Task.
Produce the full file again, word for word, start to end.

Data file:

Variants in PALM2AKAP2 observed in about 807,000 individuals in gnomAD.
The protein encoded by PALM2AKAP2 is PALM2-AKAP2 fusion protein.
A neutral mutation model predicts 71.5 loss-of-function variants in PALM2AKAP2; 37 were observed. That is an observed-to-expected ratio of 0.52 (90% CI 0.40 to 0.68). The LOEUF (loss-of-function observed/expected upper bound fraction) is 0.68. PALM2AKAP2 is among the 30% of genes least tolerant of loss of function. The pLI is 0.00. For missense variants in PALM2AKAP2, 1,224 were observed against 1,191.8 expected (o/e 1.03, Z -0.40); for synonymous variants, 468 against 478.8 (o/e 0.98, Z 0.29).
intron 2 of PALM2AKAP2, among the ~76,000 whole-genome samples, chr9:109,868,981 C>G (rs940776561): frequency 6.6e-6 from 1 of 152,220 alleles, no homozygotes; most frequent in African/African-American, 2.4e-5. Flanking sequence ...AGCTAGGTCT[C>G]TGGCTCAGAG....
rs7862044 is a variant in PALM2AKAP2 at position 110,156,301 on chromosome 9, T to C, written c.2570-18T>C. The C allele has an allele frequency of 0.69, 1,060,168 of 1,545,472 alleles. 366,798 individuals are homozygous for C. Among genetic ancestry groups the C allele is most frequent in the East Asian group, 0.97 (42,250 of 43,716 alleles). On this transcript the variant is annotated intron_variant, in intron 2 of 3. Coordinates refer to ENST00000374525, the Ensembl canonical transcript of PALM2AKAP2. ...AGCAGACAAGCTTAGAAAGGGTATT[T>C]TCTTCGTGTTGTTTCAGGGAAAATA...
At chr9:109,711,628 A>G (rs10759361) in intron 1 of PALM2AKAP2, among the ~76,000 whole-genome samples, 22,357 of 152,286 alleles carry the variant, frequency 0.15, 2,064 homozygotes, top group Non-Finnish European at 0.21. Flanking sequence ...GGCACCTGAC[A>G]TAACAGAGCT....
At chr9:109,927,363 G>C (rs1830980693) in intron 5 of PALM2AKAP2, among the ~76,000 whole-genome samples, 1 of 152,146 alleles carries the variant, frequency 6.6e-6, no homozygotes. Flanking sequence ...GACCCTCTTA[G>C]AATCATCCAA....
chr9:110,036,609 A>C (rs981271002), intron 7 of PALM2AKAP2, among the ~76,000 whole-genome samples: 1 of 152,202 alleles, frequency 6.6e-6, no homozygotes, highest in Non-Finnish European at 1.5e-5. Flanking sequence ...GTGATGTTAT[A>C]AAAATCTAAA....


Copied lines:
Variants in PALM2AKAP2 observed in about 807,000 individuals in gnomAD.
The protein encoded by PALM2AKAP2 is PALM2-AKAP2 fusion protein.
A neutral mutation model predicts 71.5 loss-of-function variants in PALM2AKAP2; 37 were observed. That is an observed-to-expected ratio of 0.52 (90% CI 0.40 to 0.68). The LOEUF (loss-of-function observed/expected upper bound fraction) is 0.68. PALM2AKAP2 is among the 30% of genes least tolerant of loss of function. The pLI is 0.00. For missense variants in PALM2AKAP2, 1,224 were observed against 1,191.8 expected (o/e 1.03, Z -0.40); for synonymous variants, 468 against 478.8 (o/e 0.98, Z 0.29).
intron 2 of PALM2AKAP2, among the ~76,000 whole-genome samples, chr9:109,868,981 C>G (rs940776561): frequency 6.6e-6 from 1 of 152,220 alleles, no homozygotes; most frequent in African/African-American, 2.4e-5. Flanking sequence ...AGCTAGGTCT[C>G]TGGCTCAGAG....
rs7862044 is a variant in PALM2AKAP2 at position 110,156,301 on chromosome 9, T to C, written c.2570-18T>C. The C allele has an allele frequency of 0.69, 1,060,168 of 1,545,472 alleles. 366,798 individuals are homozygous for C. Among genetic ancestry groups the C allele is most frequent in the East Asian group, 0.97 (42,250 of 43,716 alleles). On this transcript the variant is annotated intron_variant, in intron 2 of 3. Coordinates refer to ENST00000374525, the Ensembl canonical transcript of PALM2AKAP2. ...AGCAGACAAGCTTAGAAAGGGTATT[T>C]TCTTCGTGTTGTTTCAGGGAAAATA...
At chr9:109,711,628 A>G (rs10759361) in intron 1 of PALM2AKAP2, among the ~76,000 whole-genome samples, 22,357 of 152,286 alleles carry the variant, frequency 0.15, 2,064 homozygotes, top group Non-Finnish European at 0.21. Flanking sequence ...GGCACCTGAC[A>G]TAACAGAGCT....
At chr9:109,927,363 G>C (rs1830980693) in intron 5 of PALM2AKAP2, among the ~76,000 whole-genome samples, 1 of 152,146 alleles carries the variant, frequency 6.6e-6, no homozygotes. Flanking sequence ...GACCCTCTTA[G>C]AATCATCCAA....
chr9:110,036,609 A>C (rs981271002), intron 7 of PALM2AKAP2, among the ~76,000 whole-genome samples: 1 of 152,202 alleles, frequency 6.6e-6, no homozygotes, highest in Non-Finnish European at 1.5e-5. Flanking sequence ...GTGATGTTAT[A>C]AAAATCTAAA....